'Gamma cameras' or scintillation cameras are pieces of apparatus which allow radiologists to carry out 'scintigraphy scans', tests which provide detailed diagnoses about the functioning of the thyroid, the heart, the lungs and many other parts of the body. Scintigraphy scans get their name from the ability of some crystals (such as sodium iodide) to scintillate (in other words, emit sparks) when exposed to radiation.
The procedure involves giving the patient a radiopharmaceutical molecule marked with a gamma-emitting radioisotope. Once the molecule fixed on the target organ or tissue, the highly penetrative emitted gamma rays easily escape from the body and leave their mark on the detection panels. The molecule which is followed around the body is carefully chosen with respect to the body part under examination. A very small quantity of radioactive isotope is all that is needed, as the detection systems are sensitive enough to register the decay of individual atoms.
As its name indicates, a 'gamma camera' detects scintillations produced by gamma rays emitted by a radioactive marker. Once a large number of these scintillations have been observed, the radioactive molecules emitting these gamma rays can be located.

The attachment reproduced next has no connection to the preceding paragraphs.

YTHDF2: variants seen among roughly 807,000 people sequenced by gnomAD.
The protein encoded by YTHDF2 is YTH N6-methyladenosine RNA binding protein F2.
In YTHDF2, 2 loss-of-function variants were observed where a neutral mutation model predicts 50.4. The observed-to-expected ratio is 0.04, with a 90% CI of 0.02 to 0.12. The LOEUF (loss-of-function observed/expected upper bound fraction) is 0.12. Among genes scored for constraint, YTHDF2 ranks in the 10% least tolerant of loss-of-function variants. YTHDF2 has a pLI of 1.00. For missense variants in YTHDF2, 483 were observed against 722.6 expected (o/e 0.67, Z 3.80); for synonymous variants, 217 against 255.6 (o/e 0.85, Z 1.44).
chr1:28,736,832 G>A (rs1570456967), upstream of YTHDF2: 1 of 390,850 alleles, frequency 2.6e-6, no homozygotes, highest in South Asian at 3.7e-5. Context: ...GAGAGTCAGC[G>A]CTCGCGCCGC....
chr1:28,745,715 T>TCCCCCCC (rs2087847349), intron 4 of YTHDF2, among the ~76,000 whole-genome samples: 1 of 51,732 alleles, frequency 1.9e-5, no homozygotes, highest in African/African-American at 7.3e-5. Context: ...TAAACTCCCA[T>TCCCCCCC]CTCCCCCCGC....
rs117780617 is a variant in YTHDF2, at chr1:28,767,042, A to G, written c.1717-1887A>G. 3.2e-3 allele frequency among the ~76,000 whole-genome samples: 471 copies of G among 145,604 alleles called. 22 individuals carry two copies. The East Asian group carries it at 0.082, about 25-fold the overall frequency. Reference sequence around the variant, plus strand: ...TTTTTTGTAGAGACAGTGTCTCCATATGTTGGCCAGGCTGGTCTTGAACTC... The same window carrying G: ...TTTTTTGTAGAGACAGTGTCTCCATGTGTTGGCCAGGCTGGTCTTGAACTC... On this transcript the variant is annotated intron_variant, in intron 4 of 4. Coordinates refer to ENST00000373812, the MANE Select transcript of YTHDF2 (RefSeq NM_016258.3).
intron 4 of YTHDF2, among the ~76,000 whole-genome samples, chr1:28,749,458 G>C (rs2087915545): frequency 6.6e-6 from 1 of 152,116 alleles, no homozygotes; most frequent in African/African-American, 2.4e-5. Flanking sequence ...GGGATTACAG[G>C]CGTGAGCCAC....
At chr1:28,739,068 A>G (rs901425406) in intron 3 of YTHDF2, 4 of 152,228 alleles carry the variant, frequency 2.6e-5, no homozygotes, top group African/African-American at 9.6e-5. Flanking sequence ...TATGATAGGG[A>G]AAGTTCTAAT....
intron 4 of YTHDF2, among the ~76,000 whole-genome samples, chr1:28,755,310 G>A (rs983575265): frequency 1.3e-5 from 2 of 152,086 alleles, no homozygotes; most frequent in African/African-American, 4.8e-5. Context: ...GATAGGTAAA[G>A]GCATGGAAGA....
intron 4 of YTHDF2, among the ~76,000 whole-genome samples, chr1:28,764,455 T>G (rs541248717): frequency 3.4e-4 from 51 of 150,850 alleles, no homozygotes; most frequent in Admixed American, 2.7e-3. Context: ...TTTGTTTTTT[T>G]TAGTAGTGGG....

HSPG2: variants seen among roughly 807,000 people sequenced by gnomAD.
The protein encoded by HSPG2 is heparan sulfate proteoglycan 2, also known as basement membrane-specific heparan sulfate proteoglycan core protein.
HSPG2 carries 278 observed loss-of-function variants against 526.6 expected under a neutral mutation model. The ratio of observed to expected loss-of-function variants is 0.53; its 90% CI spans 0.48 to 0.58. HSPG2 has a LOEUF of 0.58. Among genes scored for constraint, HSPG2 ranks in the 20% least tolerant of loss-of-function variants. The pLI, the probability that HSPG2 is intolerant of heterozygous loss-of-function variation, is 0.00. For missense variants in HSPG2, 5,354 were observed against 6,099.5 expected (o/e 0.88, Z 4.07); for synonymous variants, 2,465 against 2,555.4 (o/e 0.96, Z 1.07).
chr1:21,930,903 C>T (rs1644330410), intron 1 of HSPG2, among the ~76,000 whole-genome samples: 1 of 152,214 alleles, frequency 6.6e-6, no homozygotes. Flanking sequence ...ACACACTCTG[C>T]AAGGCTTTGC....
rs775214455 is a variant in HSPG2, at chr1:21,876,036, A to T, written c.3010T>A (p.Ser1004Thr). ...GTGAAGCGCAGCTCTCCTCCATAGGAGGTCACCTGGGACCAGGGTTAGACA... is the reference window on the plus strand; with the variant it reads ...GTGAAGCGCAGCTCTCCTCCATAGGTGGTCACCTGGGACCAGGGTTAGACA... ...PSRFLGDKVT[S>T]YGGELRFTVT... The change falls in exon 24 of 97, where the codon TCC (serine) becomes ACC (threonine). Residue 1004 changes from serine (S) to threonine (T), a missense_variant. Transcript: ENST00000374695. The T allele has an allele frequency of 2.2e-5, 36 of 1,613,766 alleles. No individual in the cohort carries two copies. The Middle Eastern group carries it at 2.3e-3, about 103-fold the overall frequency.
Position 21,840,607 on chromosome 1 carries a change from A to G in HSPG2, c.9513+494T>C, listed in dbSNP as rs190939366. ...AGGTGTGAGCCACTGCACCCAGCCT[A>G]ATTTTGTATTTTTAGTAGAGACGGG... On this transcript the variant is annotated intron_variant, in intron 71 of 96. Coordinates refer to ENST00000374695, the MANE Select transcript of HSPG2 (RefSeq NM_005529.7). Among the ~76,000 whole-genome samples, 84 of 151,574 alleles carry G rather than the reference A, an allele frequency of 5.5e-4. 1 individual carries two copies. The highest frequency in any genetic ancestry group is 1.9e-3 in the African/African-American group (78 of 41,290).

Thanks to computer technology, complex calculations can be performed very quickly to convert the detected radiation into information that is useful for radiologists. The images, created in a fraction of a second, allow doctors to follow the spread of the radioisotope throughout a patient's body in real time. This allows for highly detailed pictures of the heart contraction, or of the filtration of blood plasma in the kidneys. A gamma camera scintigraphy can also be used to form images of the skeleton, by injecting patients with a radioactive solution which attaches itself onto the bones. This is often how skeletal metastases are detected.
The scintillation camera was invented by the American physicist H.O. Anger in Berkeley in 1957. It has since revealed itself to be an irreplaceable tool in a wide range of different diagnoses. Unquestionably the preferred piece of equipment in the field of nuclear medicine, there were 14,000 of them in the world by 1996 and much more now.
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